The Hamptons Union, April 20, 1922

Hampton News

The Senior honors at Bates College have just been announced. Raymond B. Buker received an honor in Philosophy.

Miss S. Belle Lane and friend, Mrs. Frances Perkins, spent Easter in Boston, attending the Easter church services and the oratorio "Elijah" given at Symphony Hall.

The Banner Class of the Congregational Church will give an entertainment in the Chapel on Monday evening beginning at 7:30. A farce "Girls Will Be Girls," will be presented. This will be worth hearing; small admission.

The Ladies' Aid of the Congregational Church will meet with Mrs. Henry Perkins on Tuesday afternoon, April 25th at 2 o'clock.

The Odd Fellows and Rebekahs are invited to attend the services in the Congregational Church on Sunday morning at 10:30 o'clock We hope all members will be present. A special sermon has been prepared by the pastor. Everybody welcome.

Easter Sunday was one of the pleasantest days of the Springtime. At the Congregational Church the pastor gave a wonderful Easter sermon with good music, to a large congregation. The Sunday School of this church is a live one with an average in attendance of 104 members. On Easter Sunday 126 were present. This is one hour in the week that the children look forward to and it is one hour of happiness. If the parents could only see those little faces all interested in this work they would be as eager to get them there as the children are to go. In the evening a splendid concert in the church by the young folks, consisting of exercises, pieces spoken by little ones and songs by different classes with the choir and school, the Banner Class, Golden Glove Class and quartette of four young ladies. We congratulate the Superintendent, Miss Mary Craig and her assistants, Miss Olive Nudd, Mrs. Gertrude Young and Mrs. Margaret Noyes.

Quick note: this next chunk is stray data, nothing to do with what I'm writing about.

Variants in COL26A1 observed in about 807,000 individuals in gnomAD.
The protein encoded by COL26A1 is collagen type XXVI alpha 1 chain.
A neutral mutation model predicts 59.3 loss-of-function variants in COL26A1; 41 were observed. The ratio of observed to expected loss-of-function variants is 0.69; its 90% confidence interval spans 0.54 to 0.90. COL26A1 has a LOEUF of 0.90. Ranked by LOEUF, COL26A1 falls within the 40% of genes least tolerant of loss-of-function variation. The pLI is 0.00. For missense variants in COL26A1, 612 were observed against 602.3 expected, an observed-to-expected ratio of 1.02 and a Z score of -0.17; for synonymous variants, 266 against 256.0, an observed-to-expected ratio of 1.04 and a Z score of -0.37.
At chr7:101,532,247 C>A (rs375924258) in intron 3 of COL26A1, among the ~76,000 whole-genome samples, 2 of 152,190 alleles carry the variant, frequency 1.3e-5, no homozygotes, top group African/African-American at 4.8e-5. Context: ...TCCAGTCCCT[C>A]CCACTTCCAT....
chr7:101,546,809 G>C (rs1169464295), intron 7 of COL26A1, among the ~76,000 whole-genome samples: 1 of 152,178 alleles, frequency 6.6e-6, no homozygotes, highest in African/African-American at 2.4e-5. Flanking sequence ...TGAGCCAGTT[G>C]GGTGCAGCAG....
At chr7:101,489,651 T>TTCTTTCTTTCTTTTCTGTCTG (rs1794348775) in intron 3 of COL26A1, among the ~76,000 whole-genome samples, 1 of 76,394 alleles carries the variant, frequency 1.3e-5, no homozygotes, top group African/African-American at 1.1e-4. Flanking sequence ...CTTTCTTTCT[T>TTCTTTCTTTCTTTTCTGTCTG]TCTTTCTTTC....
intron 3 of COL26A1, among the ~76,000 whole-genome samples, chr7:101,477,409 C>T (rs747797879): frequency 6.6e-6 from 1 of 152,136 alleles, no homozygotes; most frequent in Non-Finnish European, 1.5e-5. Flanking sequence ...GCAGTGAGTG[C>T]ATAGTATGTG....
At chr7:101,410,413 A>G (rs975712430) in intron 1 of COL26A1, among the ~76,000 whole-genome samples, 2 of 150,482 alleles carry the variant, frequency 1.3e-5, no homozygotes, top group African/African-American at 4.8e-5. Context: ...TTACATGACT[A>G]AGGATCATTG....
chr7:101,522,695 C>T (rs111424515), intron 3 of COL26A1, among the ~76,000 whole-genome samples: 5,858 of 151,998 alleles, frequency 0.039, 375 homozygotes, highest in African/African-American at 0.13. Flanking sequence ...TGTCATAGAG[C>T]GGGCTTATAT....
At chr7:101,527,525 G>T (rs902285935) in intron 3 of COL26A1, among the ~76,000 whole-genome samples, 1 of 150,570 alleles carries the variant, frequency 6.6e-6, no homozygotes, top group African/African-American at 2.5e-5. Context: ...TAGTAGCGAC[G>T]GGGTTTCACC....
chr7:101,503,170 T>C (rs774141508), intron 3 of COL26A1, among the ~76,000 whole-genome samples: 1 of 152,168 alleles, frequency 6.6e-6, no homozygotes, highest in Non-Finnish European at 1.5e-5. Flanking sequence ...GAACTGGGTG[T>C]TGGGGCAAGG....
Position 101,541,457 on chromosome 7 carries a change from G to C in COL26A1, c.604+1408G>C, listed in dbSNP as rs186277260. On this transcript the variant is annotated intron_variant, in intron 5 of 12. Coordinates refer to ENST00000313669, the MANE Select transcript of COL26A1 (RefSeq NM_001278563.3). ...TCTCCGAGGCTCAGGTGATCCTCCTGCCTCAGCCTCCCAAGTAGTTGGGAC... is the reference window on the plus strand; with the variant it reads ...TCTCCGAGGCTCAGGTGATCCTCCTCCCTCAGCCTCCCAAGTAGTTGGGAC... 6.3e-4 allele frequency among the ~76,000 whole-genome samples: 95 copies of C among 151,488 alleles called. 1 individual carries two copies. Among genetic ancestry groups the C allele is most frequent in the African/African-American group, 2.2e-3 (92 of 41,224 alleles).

When is Hampton going to have a clean up day?

Mr. Albert Johnson has a new powerful tractor for his farm work. An enterprising farmer.

We are glad to announce that Rev. Bernard Christopher of Amesbury will again preach in the Baptist church next Sunday morning.

Two little grades in Miss Cutts' room prepared an entertainment and presented it in the new Assembly hall on Friday evening of last week, netting $18.00 toward a graphaphone, doing great credit to themselves and their teacher. Cake and candy were on sale and the audience were delighted with the chance of enjoying the beautiful hall as well as hearing the children.

Just to remind you for the last time that the biggest hit Hampton has ever witnessed will be unfolded before your eyes next Wednesday evening , April 26th. "No Trespassing," has been played in many places and all who have seen it have pronounced it a snappy play full of life and laughter. Berkmeier's Orchestra for the dance and special features between the acts. Candy and ice cream on sale. Don't fail to see this drama.